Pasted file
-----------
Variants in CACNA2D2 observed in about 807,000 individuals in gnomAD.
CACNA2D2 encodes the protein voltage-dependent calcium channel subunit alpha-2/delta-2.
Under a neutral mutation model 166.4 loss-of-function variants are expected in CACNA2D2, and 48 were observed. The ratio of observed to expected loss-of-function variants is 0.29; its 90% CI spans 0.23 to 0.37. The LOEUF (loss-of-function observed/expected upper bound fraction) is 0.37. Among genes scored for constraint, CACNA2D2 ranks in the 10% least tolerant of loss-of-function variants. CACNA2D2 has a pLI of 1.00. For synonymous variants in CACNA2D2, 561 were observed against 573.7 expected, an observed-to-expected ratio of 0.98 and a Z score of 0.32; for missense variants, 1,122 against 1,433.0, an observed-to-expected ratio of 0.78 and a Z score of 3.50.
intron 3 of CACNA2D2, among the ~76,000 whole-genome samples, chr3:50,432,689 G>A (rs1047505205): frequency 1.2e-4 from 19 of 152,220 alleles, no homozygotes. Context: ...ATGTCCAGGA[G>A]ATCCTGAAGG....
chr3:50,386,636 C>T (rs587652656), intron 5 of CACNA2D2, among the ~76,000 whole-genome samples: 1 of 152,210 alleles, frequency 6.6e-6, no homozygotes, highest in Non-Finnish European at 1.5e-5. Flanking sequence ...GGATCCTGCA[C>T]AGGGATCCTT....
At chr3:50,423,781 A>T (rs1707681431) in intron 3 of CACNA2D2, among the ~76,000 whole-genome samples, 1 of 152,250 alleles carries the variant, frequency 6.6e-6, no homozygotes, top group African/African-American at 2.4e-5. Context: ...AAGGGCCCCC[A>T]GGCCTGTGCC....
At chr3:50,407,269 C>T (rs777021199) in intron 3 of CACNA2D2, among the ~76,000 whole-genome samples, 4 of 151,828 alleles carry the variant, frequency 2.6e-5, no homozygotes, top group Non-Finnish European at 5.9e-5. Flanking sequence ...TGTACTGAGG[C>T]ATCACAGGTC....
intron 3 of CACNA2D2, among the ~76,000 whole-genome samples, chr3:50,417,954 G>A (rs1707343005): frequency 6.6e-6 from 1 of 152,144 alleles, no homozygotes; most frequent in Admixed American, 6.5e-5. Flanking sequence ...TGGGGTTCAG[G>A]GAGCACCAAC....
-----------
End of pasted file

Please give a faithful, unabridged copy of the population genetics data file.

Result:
Variants in CACNA2D2 observed in about 807,000 individuals in gnomAD.
CACNA2D2 encodes the protein voltage-dependent calcium channel subunit alpha-2/delta-2.
Under a neutral mutation model 166.4 loss-of-function variants are expected in CACNA2D2, and 48 were observed. The ratio of observed to expected loss-of-function variants is 0.29; its 90% CI spans 0.23 to 0.37. The LOEUF (loss-of-function observed/expected upper bound fraction) is 0.37. Among genes scored for constraint, CACNA2D2 ranks in the 10% least tolerant of loss-of-function variants. CACNA2D2 has a pLI of 1.00. For synonymous variants in CACNA2D2, 561 were observed against 573.7 expected, an observed-to-expected ratio of 0.98 and a Z score of 0.32; for missense variants, 1,122 against 1,433.0, an observed-to-expected ratio of 0.78 and a Z score of 3.50.
intron 3 of CACNA2D2, among the ~76,000 whole-genome samples, chr3:50,432,689 G>A (rs1047505205): frequency 1.2e-4 from 19 of 152,220 alleles, no homozygotes. Context: ...ATGTCCAGGA[G>A]ATCCTGAAGG....
chr3:50,386,636 C>T (rs587652656), intron 5 of CACNA2D2, among the ~76,000 whole-genome samples: 1 of 152,210 alleles, frequency 6.6e-6, no homozygotes, highest in Non-Finnish European at 1.5e-5. Flanking sequence ...GGATCCTGCA[C>T]AGGGATCCTT....
At chr3:50,423,781 A>T (rs1707681431) in intron 3 of CACNA2D2, among the ~76,000 whole-genome samples, 1 of 152,250 alleles carries the variant, frequency 6.6e-6, no homozygotes, top group African/African-American at 2.4e-5. Context: ...AAGGGCCCCC[A>T]GGCCTGTGCC....
At chr3:50,407,269 C>T (rs777021199) in intron 3 of CACNA2D2, among the ~76,000 whole-genome samples, 4 of 151,828 alleles carry the variant, frequency 2.6e-5, no homozygotes, top group Non-Finnish European at 5.9e-5. Flanking sequence ...TGTACTGAGG[C>T]ATCACAGGTC....
intron 3 of CACNA2D2, among the ~76,000 whole-genome samples, chr3:50,417,954 G>A (rs1707343005): frequency 6.6e-6 from 1 of 152,144 alleles, no homozygotes; most frequent in Admixed American, 6.5e-5. Flanking sequence ...TGGGGTTCAG[G>A]GAGCACCAAC....